Vastavam web: Nigerian President Muhammadu Buhari will run for a second term in polls scheduled for February 2019 after his party announced his candidacy, as the opposition votes to select his election challenger. As the sole contender for the ruling All Progressives Congress (APC) party, Buhari’s confirmation Saturday by some 7,000 delegates gathered in the capital Abuja was a mere formality.
Next year’s presidential race appears to have tightened in recent months with the APC hit by a wave of defections over the leadership style of the 75-year-old former military ruler. All eyes are now on the dozen candidates vying to be nominated to challenge him from the opposition Peoples Democratic Party (PDP), the former ruling party.
Officials said at least 4,000 delegates from the 36 states and the capital Abuja were expected to vote at the PDP primaries in the oil hub of Port Harcourt, in the heartland of the Niger delta, in an event due to extend to Sunday. Voting started late at around 9:15 pm local time (2015 GMT) after voter accreditation.
Barring any surprise, the candidate will come from the Muslim-majority north, following an unwritten rule in Nigeria that the presidency should alternate every two terms between a candidate from the north and south.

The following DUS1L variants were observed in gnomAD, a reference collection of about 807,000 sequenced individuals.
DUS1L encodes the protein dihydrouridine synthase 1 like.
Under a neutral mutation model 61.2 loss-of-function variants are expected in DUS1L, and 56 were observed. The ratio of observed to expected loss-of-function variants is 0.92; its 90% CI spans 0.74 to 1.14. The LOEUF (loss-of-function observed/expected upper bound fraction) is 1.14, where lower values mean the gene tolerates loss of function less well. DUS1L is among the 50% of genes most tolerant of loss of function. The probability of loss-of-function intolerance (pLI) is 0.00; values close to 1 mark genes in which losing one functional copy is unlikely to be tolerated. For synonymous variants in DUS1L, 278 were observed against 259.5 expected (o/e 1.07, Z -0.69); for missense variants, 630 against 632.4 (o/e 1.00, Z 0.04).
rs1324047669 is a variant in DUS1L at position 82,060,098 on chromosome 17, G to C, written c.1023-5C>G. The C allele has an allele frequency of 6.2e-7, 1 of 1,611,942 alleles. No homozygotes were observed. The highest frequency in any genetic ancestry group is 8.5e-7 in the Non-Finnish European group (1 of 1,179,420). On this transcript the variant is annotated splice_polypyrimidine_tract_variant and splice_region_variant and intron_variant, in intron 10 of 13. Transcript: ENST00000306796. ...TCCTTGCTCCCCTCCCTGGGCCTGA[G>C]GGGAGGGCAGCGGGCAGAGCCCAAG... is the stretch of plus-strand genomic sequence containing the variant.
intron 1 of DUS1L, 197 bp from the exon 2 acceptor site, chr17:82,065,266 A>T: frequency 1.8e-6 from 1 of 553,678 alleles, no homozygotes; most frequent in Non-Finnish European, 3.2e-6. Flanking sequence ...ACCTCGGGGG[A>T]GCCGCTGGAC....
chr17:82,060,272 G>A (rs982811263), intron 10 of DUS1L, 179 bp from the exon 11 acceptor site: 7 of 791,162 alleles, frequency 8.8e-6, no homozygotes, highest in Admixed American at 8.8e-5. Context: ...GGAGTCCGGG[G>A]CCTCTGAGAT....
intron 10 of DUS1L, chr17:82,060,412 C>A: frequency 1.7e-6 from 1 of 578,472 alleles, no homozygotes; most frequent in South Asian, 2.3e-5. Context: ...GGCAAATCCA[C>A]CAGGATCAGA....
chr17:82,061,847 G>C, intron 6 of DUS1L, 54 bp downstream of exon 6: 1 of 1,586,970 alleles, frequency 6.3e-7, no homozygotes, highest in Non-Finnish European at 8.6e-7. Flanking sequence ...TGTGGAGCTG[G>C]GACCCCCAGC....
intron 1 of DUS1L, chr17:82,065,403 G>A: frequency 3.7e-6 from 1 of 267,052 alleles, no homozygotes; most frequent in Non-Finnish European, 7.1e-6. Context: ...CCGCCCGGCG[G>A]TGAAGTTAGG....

The Eurasia Consultancy group said in a statement Saturday the outcome of the PDP primary would determine whether Buhari “loses his incumbency advantage”.
It said the PDP nomination would be a tight race between Abubakar and Tambuwal. However, it added that the Sokoto governor “offers the best chance of appealing to the critical northwestern and northeastern voting bloc, and that he will be Buhari’s strongest challenger”. Port Harcourt streets were festooned with conference banners, while police said thousands of officers were being deployed to the event.
“Our warning to political thugs and other hoodlums is that they should stay away from the venue and even the entire state,” state police spokesman Nnamdi Omoni told AFP. Buhari indicated in April that he planned to run for a second term. The retired general, who headed a military regime in the 1980s, has faced growing pressure to step down because of failing health after spending several months in London last year treating an undisclosed ailment. He has also come under criticism on security issues, including the Boko Haram insurgency in the northeast, long-running farmer-herder clashes in the centre and militancy and kidnapping in the south. “The fact that nobody came forward to challenge the president is an indication that the party members are satisfied with his performance and they want to see more of him in office,” presidential spokesman Garba Shehu told AFP.